If You Have Investment Property, Here Are Taxing Issues

It's tax time, and a lot of people are hitting my site to find out property tax rates. (As I've said before, in California, figure approximately 1.25% of the selling price for the initial property taxes. For more information on that, go to your local county tax assessor's site.) And, the lower federal income tax rates that were set to expire on December 31, 2011, have been extended for another two years.

Tax deductions which owners of investment property could be dealing with include:

Mortgage Interest – The interest owed on a loan used to acquire or improve an investment property is a tax deductible expense. In addition, interest payments on credit cards for goods or services used in rental activity is also deductible.

Depreciation – Residential income property can be depreciated over 27.5 years; commercial 39 years. Depreciation is often the largest deduction a real estate investor can take.

Repairs - The cost of repairs to rental property are fully deductible in the year in which they are incurred. The repairs must be ordinary, necessary, and reasonable in amount. Some examples of deductible repairs include painting and fixing broken fixtures. Replacing a roof would not be considered a ‘repair’, but rather a capital improvement and the cost associated with replacing the roof would increase the basis of the property.

Travel Expenses - Property owners are entitled to deduct the costs associated with traveling to and from the rental property. The drive to a property to deal with a tenant complaint would qualify as a tax deductible expense. Likewise, flying to Hawaii to repaint a rental property would also qualify as a tax deductible expense. For overnight travel, you can deduct your airfare, hotel bills, meals, and other expenses. If you plan your trip carefully, you can even mix landlord business with pleasure and still take a deduction. Please note however that IRS auditors closely scrutinize deductions for overnight travel. To stay within the law and avoid unwanted attention from the IRS always properly document long distance travel expenses.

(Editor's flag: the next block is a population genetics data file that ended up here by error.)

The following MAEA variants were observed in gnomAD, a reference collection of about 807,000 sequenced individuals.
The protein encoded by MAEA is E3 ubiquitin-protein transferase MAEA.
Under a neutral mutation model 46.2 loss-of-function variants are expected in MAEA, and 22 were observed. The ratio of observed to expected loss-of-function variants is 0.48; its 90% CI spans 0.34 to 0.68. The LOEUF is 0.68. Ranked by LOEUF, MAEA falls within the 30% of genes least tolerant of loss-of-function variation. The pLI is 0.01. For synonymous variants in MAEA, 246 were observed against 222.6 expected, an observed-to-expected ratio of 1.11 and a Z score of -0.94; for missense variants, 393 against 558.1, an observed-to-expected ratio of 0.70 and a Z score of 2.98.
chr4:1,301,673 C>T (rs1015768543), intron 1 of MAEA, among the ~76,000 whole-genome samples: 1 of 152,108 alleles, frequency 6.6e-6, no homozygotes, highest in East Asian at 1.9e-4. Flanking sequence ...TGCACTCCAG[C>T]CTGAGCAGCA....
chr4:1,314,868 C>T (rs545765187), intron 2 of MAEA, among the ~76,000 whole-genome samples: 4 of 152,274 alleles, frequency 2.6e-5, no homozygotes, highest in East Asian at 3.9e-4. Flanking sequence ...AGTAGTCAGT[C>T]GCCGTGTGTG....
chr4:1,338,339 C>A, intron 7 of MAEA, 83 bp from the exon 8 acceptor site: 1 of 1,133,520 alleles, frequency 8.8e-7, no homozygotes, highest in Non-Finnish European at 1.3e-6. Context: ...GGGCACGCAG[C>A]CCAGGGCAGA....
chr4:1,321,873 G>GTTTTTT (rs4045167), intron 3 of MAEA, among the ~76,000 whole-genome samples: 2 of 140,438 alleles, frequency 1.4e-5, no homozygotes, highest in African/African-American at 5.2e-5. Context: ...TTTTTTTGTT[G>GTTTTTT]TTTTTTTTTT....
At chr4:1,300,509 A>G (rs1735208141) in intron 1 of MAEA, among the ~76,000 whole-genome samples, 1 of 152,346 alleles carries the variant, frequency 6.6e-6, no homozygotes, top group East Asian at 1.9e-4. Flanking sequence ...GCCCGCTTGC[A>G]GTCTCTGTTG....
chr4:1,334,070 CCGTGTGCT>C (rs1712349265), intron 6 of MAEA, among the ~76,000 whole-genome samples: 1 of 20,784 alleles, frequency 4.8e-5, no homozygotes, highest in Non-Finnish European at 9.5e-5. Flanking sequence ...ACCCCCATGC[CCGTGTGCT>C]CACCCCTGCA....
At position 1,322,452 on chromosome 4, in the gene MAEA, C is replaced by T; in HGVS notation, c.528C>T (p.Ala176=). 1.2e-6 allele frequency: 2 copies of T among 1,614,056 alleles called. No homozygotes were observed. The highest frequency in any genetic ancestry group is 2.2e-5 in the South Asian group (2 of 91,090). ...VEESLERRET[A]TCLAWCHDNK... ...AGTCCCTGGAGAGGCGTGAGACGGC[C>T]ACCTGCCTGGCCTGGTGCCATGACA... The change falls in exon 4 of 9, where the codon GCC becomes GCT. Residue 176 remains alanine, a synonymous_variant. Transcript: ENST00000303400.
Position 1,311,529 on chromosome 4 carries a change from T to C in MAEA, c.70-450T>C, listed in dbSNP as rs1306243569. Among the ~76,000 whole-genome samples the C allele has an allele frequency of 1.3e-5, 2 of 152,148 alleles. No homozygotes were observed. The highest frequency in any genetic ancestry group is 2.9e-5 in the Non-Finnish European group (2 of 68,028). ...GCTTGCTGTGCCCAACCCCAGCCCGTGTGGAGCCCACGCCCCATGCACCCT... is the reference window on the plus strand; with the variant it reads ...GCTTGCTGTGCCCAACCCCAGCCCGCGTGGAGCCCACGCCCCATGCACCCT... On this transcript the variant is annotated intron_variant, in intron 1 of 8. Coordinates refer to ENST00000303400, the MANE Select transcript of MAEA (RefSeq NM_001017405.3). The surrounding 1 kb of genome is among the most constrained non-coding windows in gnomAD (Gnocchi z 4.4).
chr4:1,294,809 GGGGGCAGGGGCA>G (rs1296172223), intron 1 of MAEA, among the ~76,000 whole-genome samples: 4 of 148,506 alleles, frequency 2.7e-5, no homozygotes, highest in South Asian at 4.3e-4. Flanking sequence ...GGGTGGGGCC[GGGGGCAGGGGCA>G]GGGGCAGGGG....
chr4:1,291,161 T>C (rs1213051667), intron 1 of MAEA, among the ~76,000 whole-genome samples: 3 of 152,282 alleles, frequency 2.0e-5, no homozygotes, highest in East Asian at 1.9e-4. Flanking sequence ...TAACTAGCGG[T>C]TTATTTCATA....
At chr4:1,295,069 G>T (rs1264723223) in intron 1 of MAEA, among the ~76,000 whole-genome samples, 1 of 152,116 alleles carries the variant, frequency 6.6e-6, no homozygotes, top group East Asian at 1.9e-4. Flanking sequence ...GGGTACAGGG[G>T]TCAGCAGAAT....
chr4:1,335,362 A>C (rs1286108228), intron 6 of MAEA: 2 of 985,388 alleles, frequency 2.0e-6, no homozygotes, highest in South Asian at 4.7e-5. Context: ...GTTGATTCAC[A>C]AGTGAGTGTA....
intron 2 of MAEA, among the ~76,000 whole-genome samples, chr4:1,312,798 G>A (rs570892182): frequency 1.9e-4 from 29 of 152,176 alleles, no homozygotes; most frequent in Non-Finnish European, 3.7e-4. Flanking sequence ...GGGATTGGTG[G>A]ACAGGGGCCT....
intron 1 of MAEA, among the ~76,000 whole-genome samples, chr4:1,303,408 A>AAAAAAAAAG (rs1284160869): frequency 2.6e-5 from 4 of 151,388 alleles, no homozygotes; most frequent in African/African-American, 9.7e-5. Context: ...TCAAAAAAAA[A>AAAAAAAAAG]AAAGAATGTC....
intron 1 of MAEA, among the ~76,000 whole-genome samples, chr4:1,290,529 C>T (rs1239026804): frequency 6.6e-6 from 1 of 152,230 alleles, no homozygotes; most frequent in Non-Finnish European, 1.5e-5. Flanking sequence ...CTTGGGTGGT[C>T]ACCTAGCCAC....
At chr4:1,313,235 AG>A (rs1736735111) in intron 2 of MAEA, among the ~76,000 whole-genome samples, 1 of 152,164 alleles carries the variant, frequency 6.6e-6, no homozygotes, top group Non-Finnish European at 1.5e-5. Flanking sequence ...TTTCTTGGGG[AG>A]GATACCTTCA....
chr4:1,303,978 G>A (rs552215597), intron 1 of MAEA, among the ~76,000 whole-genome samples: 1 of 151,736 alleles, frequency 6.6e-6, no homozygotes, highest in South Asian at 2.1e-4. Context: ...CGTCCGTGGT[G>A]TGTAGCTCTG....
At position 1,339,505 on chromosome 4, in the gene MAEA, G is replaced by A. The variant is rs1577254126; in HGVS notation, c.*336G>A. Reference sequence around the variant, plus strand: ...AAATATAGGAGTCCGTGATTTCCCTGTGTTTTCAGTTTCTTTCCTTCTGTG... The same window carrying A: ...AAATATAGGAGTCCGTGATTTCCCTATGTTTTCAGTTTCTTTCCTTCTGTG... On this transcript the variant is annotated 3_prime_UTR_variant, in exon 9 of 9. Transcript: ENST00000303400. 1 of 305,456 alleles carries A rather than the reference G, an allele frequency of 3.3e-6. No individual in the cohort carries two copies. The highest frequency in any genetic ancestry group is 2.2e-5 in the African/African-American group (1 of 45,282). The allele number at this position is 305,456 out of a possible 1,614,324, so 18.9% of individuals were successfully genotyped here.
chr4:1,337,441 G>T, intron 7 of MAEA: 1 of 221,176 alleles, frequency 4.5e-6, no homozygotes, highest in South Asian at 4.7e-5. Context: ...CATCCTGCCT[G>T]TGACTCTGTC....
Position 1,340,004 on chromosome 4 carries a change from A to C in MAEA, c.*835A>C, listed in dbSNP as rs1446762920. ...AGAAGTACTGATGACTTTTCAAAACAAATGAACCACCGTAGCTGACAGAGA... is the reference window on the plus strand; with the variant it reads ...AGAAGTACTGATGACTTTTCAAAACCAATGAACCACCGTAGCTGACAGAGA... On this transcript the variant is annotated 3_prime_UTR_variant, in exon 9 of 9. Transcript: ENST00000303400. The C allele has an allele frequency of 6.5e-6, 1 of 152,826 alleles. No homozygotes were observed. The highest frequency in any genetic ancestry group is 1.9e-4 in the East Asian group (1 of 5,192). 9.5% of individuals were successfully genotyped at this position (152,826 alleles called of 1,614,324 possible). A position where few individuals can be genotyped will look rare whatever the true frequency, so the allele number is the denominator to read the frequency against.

Home Office – Landlords may be able to deduct home office expenses provided certain minimum requirements are met.

Employee, Independent Contractor and Professional Services Expenses – Fees paid to gardeners, painters, attorneys, accountants, property management companies, real estate investment advisors, and other professionals can be deducted as operating expenses as long as the fees are paid for work related to the rental activity.

Advertising – Any advertising costs associated with marketing the property for rent or for sale can be deducted.

Insurance – Insurance premiums can be deducted for almost any insurance policy related to the rental property. This includes, fire, theft, and flood insurance for rental property, as well as landlord liability insurance.

Vacant Property -If the property is vacant either because the property is up for sale or is waiting to be re-tenanted, the owner may still be able to deduct all ordinary and necessary expenses (including depreciation) for managing, conserving and maintaining the property while the property is vacant.
 (Courtesy of Leonard Spoto, http://www.ax1031.com/)

Contact your tax advisor for complete professional advice.

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